Mayor, Council Avoid Cuts in Budget Deal

Mayor, Council Avoid Cuts in Budget Deal

Mayor Michael Bloomberg announces the agreement for on-time, balanced budget for fiscal year 2013 with Council Speaker Quinn and members of the City Council. Photo courtesy of Spencer T Tucker, Mayor’s Office.

Child-care slots and firehouses will not be cut in this fiscal year’s city budget, Mayor Michael Bloomberg and the City Council announced Monday.

Days before the June 30 deadline, Bloomberg and City Council Speaker Christine Quinn reached an agreement to balance the $68.5 billion budget without layoffs, tax increases or the sweeping cuts that had been looming over some social services.

“Working with our partners in the Council, we’ve again produced an on-time, balanced budget for our city that doesn’t raise taxes on New Yorkers, and that preserves the essential services that keep our city strong,” Bloomberg said.

The mayor again threatened to close 20 firehouses, drastically reduce cultural funding and cut thousands of after-school and child-care slots throughout the five boroughs.

“This budget saved jobs, maintained vital public services, and secured a strong financial footing for our city going forward,” said Councilman and Finance Chair Domenic M. Recchia Jr. “Most importantly, we made the right investment in our future and put children and families at the forefront of this process. Now, tens of thousands of families throughout New York City can rest assured that the daycare, early-childhood education, and after-school programs they depend on will be there for them.”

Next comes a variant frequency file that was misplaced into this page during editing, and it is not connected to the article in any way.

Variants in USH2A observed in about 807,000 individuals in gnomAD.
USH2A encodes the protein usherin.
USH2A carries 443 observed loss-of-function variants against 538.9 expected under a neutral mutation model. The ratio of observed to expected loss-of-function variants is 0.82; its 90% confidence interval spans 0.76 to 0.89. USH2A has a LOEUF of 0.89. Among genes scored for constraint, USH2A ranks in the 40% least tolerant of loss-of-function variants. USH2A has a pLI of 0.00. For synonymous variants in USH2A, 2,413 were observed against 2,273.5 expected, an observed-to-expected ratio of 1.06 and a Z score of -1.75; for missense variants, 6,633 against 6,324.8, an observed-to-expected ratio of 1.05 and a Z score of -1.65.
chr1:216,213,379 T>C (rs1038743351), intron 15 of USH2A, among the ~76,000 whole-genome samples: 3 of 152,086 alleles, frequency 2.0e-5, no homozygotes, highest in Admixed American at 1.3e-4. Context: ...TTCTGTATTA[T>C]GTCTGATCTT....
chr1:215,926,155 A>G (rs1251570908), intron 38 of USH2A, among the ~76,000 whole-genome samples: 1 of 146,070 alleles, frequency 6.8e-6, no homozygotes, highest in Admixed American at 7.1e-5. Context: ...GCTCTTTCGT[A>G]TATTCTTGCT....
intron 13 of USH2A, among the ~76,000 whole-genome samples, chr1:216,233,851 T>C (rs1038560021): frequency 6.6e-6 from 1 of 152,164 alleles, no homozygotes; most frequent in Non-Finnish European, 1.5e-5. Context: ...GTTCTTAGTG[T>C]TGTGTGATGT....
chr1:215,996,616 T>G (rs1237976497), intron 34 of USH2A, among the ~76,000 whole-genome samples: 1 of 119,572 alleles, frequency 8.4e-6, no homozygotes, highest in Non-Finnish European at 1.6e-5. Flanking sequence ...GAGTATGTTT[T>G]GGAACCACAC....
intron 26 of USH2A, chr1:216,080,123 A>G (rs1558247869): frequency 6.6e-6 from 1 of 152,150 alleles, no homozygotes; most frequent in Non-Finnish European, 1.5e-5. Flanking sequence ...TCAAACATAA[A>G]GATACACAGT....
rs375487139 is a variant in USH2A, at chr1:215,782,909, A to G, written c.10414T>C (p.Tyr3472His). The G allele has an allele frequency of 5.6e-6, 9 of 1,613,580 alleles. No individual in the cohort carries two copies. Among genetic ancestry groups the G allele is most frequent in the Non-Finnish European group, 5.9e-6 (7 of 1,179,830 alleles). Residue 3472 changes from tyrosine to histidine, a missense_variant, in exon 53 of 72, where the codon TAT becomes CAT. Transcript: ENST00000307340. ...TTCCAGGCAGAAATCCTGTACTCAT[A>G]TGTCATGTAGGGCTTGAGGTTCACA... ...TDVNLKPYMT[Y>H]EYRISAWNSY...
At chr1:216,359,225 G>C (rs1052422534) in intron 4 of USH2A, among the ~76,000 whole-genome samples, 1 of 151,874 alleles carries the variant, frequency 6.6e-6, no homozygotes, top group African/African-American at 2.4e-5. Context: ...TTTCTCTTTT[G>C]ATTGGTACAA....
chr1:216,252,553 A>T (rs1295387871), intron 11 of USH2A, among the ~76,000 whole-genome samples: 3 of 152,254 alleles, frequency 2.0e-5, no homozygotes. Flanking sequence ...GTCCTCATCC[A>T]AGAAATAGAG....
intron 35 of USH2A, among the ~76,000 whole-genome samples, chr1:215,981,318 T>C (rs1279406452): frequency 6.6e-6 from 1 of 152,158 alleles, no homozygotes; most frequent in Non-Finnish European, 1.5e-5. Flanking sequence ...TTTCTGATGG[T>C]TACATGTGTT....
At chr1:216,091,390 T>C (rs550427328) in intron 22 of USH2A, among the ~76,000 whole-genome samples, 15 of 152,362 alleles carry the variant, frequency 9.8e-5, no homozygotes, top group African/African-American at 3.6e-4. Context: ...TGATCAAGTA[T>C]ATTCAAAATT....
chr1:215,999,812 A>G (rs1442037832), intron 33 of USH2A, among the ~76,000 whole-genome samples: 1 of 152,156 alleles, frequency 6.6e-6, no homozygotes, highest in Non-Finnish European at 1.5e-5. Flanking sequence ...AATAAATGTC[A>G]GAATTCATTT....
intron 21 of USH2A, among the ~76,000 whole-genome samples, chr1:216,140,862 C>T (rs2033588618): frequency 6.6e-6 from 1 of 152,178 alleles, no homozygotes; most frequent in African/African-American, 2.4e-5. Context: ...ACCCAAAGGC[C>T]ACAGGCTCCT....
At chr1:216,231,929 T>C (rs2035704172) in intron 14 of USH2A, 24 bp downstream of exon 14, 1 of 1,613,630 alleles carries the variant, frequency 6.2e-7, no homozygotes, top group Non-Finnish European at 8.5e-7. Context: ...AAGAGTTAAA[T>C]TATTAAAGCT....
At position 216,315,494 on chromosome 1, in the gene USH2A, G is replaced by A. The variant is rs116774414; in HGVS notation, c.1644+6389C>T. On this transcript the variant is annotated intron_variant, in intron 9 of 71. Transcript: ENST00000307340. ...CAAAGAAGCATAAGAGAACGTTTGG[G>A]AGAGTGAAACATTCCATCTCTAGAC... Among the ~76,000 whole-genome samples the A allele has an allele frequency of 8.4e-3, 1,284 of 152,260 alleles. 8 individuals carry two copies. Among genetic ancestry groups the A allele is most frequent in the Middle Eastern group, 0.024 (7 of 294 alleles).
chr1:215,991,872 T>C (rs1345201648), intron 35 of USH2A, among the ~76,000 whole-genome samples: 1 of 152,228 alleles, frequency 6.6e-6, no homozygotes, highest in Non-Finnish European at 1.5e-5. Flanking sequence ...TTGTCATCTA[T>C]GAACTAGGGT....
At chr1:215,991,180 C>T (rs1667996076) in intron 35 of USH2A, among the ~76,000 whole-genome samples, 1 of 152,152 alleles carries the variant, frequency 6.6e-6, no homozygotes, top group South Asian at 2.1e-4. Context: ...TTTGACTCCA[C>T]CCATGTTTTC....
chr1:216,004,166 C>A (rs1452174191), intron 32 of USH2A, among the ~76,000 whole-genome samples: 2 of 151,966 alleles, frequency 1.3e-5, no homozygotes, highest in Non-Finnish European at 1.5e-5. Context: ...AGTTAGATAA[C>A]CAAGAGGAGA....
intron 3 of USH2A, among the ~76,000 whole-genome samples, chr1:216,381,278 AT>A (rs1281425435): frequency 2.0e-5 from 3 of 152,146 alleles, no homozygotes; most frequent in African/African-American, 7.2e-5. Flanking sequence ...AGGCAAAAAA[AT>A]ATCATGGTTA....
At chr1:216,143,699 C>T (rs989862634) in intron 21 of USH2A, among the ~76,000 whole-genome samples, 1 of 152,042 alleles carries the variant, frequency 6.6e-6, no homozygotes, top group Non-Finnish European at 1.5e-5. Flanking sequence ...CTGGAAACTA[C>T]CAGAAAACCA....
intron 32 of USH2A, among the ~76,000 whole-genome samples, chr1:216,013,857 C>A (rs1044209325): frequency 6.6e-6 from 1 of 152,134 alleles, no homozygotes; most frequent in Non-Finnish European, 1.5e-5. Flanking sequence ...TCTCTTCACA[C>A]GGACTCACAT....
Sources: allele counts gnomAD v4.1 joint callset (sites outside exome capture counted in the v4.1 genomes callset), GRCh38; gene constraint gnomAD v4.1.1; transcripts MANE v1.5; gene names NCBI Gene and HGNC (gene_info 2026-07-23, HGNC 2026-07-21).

Libraries, too, will avoid most of the almost $100 million cuts proposed for the system—$26 million of which would have come from Queens libraries.

The proposed budget would restore about $90 million of that money. The council members now have until June 30 to approve the budget.

The mayor and council avoided most of the cuts by pulling $2.4 billion from reserves and an additional $1 billion from a trust for retirement health benefits.

Those moves shore up this budget, but also relies on one-shot fixes, which may not be available for next year when the city expects to face a $2.5 billion deficit.

“When times were better, the city set aside surplus revenue—and when the first storm clouds gathered in 2007, we began cutting budgets,” Bloomberg said. “These actions—and our work over the past decade to diversify the economy and make it less reliant on Wall Street—have allowed us avoid the severe service cuts that many other cities are facing.”

The budget also relies on one-time revenue from the sale of taxi medallions, which Bloomberg proposed as part of the outerborough hail plan.

Originally, the city expected to plug the $1 billion budget gap in the 2013 fiscal year budget with medallion sales.

But earlier this month a New York State Supreme Court Justice issued an injunction stalling and potentially halting the sale.

The budget, however, still relies on the revenue from the sale, with $635 million planned for the upcoming fiscal and another $825 over the next two fiscal years.

The mayor’s office said this will compensate for the “delays” from the court battle over the sale but ultimately result in more revenue.

“We face a significant challenge again next year, but given the effective and fiscally responsible partnership we’ve had with the Council, and the leadership we know we can rely on from Speaker Christine Quinn, I’m confident we’ll meet any challenges that arise,” Bloomberg said.

By Jeremiah Dobruck



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